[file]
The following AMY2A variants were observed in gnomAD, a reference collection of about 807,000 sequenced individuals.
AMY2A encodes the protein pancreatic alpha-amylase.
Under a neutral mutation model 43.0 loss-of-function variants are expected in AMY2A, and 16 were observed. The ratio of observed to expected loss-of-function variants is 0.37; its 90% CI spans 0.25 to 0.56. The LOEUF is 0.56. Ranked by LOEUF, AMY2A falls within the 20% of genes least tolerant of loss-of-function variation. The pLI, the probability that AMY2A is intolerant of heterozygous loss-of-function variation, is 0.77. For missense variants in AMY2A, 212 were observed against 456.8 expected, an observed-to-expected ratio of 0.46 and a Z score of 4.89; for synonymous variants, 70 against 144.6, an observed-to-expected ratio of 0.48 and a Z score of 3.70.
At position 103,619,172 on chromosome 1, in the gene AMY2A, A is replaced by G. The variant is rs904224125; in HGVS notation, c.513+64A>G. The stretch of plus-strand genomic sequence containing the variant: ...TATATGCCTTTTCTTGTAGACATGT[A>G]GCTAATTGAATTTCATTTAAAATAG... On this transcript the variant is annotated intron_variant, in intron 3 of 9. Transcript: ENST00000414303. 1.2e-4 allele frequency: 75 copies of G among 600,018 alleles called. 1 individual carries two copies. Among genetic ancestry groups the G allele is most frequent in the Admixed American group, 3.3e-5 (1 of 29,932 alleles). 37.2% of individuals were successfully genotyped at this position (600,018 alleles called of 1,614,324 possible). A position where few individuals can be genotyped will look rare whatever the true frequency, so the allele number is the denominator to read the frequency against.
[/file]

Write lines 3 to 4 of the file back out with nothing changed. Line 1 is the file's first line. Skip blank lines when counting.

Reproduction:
Under a neutral mutation model 43.0 loss-of-function variants are expected in AMY2A, and 16 were observed. The ratio of observed to expected loss-of-function variants is 0.37; its 90% CI spans 0.25 to 0.56. The LOEUF is 0.56. Ranked by LOEUF, AMY2A falls within the 20% of genes least tolerant of loss-of-function variation. The pLI, the probability that AMY2A is intolerant of heterozygous loss-of-function variation, is 0.77. For missense variants in AMY2A, 212 were observed against 456.8 expected, an observed-to-expected ratio of 0.46 and a Z score of 4.89; for synonymous variants, 70 against 144.6, an observed-to-expected ratio of 0.48 and a Z score of 3.70.
At position 103,619,172 on chromosome 1, in the gene AMY2A, A is replaced by G. The variant is rs904224125; in HGVS notation, c.513+64A>G. The stretch of plus-strand genomic sequence containing the variant: ...TATATGCCTTTTCTTGTAGACATGT[A>G]GCTAATTGAATTTCATTTAAAATAG... On this transcript the variant is annotated intron_variant, in intron 3 of 9. Transcript: ENST00000414303. 1.2e-4 allele frequency: 75 copies of G among 600,018 alleles called. 1 individual carries two copies. Among genetic ancestry groups the G allele is most frequent in the Admixed American group, 3.3e-5 (1 of 29,932 alleles). 37.2% of individuals were successfully genotyped at this position (600,018 alleles called of 1,614,324 possible). A position where few individuals can be genotyped will look rare whatever the true frequency, so the allele number is the denominator to read the frequency against.